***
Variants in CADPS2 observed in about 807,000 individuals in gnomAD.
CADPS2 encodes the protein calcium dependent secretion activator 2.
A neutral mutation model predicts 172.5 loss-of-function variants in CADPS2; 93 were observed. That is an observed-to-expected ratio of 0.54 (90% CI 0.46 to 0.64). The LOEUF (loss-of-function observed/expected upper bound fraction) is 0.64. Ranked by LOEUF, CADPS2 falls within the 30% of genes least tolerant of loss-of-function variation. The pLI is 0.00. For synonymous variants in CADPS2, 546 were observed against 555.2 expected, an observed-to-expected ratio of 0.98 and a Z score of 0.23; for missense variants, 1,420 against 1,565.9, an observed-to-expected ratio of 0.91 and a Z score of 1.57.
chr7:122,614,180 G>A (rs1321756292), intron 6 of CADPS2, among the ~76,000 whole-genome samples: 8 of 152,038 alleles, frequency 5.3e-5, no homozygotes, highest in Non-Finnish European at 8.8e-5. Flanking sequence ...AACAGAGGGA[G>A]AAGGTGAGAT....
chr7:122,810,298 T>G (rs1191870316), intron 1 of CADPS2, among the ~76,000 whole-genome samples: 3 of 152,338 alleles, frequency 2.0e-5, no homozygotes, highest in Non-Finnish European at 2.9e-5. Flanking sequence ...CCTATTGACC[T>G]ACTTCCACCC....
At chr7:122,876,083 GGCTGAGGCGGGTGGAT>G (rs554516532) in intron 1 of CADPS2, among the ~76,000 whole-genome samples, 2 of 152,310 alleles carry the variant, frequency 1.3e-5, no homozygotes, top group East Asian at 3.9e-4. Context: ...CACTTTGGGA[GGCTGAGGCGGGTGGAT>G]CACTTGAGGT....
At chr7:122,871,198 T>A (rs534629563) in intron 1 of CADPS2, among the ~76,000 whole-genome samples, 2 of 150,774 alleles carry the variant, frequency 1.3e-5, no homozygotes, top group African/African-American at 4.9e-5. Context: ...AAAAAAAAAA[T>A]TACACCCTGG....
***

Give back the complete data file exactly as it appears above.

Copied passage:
Variants in CADPS2 observed in about 807,000 individuals in gnomAD.
CADPS2 encodes the protein calcium dependent secretion activator 2.
A neutral mutation model predicts 172.5 loss-of-function variants in CADPS2; 93 were observed. That is an observed-to-expected ratio of 0.54 (90% CI 0.46 to 0.64). The LOEUF (loss-of-function observed/expected upper bound fraction) is 0.64. Ranked by LOEUF, CADPS2 falls within the 30% of genes least tolerant of loss-of-function variation. The pLI is 0.00. For synonymous variants in CADPS2, 546 were observed against 555.2 expected, an observed-to-expected ratio of 0.98 and a Z score of 0.23; for missense variants, 1,420 against 1,565.9, an observed-to-expected ratio of 0.91 and a Z score of 1.57.
chr7:122,614,180 G>A (rs1321756292), intron 6 of CADPS2, among the ~76,000 whole-genome samples: 8 of 152,038 alleles, frequency 5.3e-5, no homozygotes, highest in Non-Finnish European at 8.8e-5. Flanking sequence ...AACAGAGGGA[G>A]AAGGTGAGAT....
chr7:122,810,298 T>G (rs1191870316), intron 1 of CADPS2, among the ~76,000 whole-genome samples: 3 of 152,338 alleles, frequency 2.0e-5, no homozygotes, highest in Non-Finnish European at 2.9e-5. Flanking sequence ...CCTATTGACC[T>G]ACTTCCACCC....
At chr7:122,876,083 GGCTGAGGCGGGTGGAT>G (rs554516532) in intron 1 of CADPS2, among the ~76,000 whole-genome samples, 2 of 152,310 alleles carry the variant, frequency 1.3e-5, no homozygotes, top group East Asian at 3.9e-4. Context: ...CACTTTGGGA[GGCTGAGGCGGGTGGAT>G]CACTTGAGGT....
At chr7:122,871,198 T>A (rs534629563) in intron 1 of CADPS2, among the ~76,000 whole-genome samples, 2 of 150,774 alleles carry the variant, frequency 1.3e-5, no homozygotes, top group African/African-American at 4.9e-5. Context: ...AAAAAAAAAA[T>A]TACACCCTGG....